Watford Observer:

Mooney in action against Crystal Palace

Port Vale 1 Watford 2 (Mooney 24, 60)

“You can probably say those two goals were trademark Mooney goals. The first one Robbo cut the ball back and I didn’t really try to hit it, I more tried to stun it and keep it low. Because of the goals in the previous games I knew I’d get chances and I was feeling really confident. When that first goal went in at Port Vale I had a feeling I’d never had before – I thought to myself that everything I had worked so hard for in the previous ten years was now going to pay off in the next month. The second one I know I should have scored at the first attempt but I got it on target and the keeper made a save. I got up and got to the rebound quicker than the defender. There was no way I was getting beaten to that loose ball.”

Barnsley 2 Watford 2 (Ngonge 43, Mooney 67)

“I can re-run that goal in my mind. One of their defenders has gone to hoof the ball away and I’ve dived in. I could see his boot coming straight for my face and I’ve half turned my head. The ball actually went in off the back of my head. Not that I cared, because it was in front of the Watford fans and I could see my Dad and my brother-in-law in the crowd. I was a yard out and all I had to do was get a touch on it. I was in the six-yard box and that’s where strikers get paid. They got a late equaliser but it didn’t dent our confidence because by then it was in our hands. Throughout that run of games we knew the key thing was not to lose. We’d gone to Barnsley, we’d not lost and our destiny was still in our own hands.”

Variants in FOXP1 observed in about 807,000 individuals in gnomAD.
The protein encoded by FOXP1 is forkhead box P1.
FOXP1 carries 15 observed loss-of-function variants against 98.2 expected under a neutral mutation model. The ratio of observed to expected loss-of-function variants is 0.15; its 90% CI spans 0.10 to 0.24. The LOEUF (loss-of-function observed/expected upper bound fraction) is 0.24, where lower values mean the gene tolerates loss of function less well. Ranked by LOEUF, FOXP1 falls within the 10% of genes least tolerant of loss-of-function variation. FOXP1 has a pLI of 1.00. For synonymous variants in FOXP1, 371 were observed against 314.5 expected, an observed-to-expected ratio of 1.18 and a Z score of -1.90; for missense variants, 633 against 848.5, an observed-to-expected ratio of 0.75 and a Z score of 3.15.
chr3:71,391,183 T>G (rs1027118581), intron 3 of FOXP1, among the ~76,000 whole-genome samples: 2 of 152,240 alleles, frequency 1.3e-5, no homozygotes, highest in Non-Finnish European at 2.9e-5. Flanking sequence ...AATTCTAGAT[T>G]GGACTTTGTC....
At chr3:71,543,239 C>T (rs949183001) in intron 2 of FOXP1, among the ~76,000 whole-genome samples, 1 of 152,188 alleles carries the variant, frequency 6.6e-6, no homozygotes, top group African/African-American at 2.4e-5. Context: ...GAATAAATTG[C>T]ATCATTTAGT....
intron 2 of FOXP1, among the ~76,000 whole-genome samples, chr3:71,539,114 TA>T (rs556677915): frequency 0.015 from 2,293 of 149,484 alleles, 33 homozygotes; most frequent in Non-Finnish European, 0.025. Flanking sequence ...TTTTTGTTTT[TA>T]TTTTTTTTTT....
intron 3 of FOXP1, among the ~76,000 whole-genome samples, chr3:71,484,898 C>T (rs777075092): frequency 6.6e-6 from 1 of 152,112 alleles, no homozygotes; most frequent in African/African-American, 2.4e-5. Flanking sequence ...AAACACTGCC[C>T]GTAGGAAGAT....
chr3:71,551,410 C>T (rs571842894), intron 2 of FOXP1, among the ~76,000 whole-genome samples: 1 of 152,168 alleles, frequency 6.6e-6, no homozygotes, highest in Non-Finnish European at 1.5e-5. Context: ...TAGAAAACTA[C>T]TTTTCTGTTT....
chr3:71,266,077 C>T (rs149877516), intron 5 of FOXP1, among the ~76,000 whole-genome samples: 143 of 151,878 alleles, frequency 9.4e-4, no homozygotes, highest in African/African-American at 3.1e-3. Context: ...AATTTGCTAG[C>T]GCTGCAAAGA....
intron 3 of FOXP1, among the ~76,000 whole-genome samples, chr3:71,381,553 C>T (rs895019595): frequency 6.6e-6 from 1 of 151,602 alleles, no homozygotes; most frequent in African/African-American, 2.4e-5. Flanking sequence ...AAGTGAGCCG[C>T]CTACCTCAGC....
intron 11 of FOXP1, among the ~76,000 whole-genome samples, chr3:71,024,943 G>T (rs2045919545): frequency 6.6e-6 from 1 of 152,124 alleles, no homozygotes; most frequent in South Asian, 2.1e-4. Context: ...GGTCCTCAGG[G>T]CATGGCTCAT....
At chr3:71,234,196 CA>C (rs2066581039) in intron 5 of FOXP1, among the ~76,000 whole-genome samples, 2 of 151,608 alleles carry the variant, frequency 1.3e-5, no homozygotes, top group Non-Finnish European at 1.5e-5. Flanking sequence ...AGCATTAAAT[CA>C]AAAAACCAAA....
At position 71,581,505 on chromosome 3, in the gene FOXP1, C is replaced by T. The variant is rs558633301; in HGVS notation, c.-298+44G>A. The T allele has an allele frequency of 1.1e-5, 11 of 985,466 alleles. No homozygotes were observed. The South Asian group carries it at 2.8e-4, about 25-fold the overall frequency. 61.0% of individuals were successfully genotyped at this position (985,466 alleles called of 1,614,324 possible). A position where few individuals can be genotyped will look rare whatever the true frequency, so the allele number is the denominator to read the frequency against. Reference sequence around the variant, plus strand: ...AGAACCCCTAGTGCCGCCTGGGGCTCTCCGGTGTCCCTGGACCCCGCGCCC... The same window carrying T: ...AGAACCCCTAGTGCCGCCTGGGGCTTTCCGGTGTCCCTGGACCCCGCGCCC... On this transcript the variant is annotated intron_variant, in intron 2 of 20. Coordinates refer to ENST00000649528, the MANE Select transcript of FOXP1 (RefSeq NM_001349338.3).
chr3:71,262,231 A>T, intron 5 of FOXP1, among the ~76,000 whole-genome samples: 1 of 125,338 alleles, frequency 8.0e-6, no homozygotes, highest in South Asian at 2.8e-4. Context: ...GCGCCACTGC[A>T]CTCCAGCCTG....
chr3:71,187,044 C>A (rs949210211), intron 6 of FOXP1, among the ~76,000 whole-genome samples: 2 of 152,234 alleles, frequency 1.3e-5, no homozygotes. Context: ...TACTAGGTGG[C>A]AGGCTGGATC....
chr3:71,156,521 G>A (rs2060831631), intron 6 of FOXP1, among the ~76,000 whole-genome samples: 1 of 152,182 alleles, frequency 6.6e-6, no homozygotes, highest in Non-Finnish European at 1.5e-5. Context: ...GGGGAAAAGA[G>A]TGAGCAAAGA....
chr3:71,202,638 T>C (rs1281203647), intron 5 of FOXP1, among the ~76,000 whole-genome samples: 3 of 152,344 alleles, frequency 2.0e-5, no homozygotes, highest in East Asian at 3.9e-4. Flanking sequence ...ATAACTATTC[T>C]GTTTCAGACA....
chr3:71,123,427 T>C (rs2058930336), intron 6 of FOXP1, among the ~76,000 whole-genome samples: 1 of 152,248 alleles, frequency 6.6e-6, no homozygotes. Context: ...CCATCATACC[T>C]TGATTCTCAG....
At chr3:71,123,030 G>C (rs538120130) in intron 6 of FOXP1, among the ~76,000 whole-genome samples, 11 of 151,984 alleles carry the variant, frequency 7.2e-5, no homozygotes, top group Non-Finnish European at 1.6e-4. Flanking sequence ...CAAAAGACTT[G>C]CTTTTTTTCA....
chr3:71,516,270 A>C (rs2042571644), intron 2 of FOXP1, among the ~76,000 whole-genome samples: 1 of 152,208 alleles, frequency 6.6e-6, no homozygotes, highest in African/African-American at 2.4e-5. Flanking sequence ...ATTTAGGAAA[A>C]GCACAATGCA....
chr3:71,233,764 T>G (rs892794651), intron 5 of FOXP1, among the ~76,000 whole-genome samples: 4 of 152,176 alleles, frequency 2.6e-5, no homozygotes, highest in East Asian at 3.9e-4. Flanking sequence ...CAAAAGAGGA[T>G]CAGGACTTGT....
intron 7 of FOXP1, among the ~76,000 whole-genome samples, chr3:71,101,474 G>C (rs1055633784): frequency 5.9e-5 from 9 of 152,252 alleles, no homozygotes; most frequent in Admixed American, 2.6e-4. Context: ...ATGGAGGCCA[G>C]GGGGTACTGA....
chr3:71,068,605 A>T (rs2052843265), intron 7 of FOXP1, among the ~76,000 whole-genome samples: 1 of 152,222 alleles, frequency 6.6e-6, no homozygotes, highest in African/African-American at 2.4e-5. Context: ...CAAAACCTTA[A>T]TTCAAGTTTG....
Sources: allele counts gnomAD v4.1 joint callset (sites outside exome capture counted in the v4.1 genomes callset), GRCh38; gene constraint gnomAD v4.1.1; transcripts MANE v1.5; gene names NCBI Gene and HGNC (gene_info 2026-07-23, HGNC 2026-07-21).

And destiny took the Hornets all the way to the promised land of the Premier League, although there was still the drama of the penalties after the play-off second leg at Birmingham to come.

Mooney said: “From the moment the whistle went in that Tranmere game where we’d won and had Johnno and Smarty sent off, to the final whistle going at Wembley, the only moment I can remember thinking things might not go our way was when Dele Adebola equalised for Birmingham in the second leg at St Andrews.

“It was only about six minutes in and the noise in the stadium for those six minutes had been massive. But when that goal went in, the noise reached levels I’ve never heard in any stadium anywhere in the world, as a player or as a fan. I remember trying to scream at Peter Kennedy that we just needed to stay calm and keep the ball. He was ten yards away from me, and I couldn’t hear my own voice never mind Pete knowing what I was trying to say.”

However, St Andrews was a lot, lot quieter later that night when Alec Chamberlain saved Chris Holland’s penalty in the shoot-out to send Watford to Wembley.

That was a day no Hornet will ever forget – but for Mooney, there is one moment in that 2-0 win over Bolton which nags away at him.

“I’d scored those seven goals in six games during the run-in, but then I missed my chanced to score at Wembley. Midway through the second half Micah got space out on the right and sent in a great cross. I knew the defender had gone under the ball and I tried to be clever with my header. I was attempting to be too precise. I thought for a split second I’d scored at Wembley but it went wide.

“I paused for a second or two afterwards because I knew that was my chance to score at Wembley. I’d not had a chance all game. I’d worked my backside off for the team but I’d not really had a sight of goal. All through that run of games at the end of the season, I just kept telling myself to hit the target. That got me those seven goals. Then at Wembley, perhaps for one of very few times in that run, I didn’t hit the target. I was so annoyed and frustrated with myself.

“It was a dream come true and I had no reason to ever expect to play at Wembley before or after that day. I used to go to Wembley with my Dad to watch Liverpool in cup finals. It was such a big thing for me and my family that I was playing at Wembley. I loved scoring goals, I was realising a dream of playing at Wembley and I had a great chance to score that I didn’t take. I was fed up about that for ages.”